Only this morning I received a letter, following some references in the weekend Press to this matter. My correspondent, who is a lorry driver, who asks that his name shall not be disclosed, says: I can say how right you are that the fear of the sack has been well and truly restored for long distance men. If you don't want it you can get out. That's what one gets from the boss nowadays. That is only one of numerous letters which I have received in the last few days.

The reasons why the bad conditions continue are, first, the excessive competition in the industry; secondly, the ineffective enforcement to which my hon. Friend has referred; thirdly, the inadequate penalties which are imposed— derisory, my hon. Friend called them—and fourthly, the bad working conditions.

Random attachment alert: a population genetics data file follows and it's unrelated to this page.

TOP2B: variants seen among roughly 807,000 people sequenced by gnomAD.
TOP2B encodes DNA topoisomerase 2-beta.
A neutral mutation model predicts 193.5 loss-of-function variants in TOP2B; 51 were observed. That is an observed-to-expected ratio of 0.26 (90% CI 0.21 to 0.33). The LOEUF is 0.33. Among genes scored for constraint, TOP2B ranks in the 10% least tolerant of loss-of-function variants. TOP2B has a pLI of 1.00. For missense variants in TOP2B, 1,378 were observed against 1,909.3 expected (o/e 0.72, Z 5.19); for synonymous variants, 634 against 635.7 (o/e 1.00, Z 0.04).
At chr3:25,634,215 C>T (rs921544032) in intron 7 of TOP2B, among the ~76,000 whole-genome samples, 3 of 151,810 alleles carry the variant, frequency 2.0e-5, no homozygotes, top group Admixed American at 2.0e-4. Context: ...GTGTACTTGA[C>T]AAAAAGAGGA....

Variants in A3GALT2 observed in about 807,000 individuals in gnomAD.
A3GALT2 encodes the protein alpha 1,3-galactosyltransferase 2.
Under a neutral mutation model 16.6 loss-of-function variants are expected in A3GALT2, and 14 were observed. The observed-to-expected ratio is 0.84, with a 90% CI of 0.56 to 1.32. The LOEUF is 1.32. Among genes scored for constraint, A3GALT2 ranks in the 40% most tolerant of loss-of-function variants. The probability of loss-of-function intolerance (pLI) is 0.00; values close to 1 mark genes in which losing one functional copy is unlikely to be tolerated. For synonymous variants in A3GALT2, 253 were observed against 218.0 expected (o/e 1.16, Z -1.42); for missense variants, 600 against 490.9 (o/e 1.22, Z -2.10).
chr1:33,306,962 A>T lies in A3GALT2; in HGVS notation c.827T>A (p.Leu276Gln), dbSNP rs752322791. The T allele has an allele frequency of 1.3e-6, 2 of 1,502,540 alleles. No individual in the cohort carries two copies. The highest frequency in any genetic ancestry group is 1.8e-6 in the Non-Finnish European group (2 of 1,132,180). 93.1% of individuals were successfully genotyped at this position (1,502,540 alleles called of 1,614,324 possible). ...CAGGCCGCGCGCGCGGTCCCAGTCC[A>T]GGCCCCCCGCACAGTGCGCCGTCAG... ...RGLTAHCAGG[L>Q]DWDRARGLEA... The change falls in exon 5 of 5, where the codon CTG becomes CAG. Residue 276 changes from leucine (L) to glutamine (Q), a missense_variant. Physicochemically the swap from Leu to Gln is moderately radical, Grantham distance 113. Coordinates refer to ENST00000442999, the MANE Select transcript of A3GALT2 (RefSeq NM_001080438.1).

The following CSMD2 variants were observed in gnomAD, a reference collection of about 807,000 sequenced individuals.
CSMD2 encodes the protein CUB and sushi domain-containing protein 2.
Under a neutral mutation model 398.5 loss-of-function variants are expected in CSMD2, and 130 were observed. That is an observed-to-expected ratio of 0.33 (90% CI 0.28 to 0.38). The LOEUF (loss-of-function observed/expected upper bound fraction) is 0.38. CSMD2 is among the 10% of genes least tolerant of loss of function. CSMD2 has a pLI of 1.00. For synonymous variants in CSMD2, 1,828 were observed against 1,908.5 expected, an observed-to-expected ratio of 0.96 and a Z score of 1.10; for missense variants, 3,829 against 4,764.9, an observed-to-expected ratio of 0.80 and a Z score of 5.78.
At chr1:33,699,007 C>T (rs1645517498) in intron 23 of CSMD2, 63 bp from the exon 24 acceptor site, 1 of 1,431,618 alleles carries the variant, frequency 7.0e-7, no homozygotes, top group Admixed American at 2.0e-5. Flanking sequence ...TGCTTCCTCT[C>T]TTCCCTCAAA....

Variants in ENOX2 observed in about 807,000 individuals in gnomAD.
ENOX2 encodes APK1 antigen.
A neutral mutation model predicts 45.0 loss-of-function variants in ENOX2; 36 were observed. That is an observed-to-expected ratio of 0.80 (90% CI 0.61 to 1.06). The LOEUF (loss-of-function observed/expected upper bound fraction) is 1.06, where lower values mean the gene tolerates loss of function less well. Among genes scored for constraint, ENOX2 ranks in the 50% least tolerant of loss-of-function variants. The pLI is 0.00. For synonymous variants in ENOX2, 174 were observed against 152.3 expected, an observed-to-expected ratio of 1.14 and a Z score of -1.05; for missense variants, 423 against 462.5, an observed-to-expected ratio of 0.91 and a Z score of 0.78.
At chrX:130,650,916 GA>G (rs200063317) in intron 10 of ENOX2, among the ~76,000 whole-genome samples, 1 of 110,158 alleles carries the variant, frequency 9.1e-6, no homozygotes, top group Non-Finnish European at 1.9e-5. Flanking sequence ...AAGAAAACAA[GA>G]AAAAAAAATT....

Since the private road hauliers after denationalisation have shown how unscrupulous they are in honouring the law, the only way they can be deterred from carrying on these nefarious practices is to put into them the fear, first, that they will be found out—which means adequate enforcement and an adequate number of enforcement officers—and, secondly, that the punishment will fit the crime and be heavy enough to affect their business. Only if their pockets are affected will they refrain from working their drivers to the point of endangering the public on the roads and, at the same time, bringing about such poor and deteriorating conditions in the industry.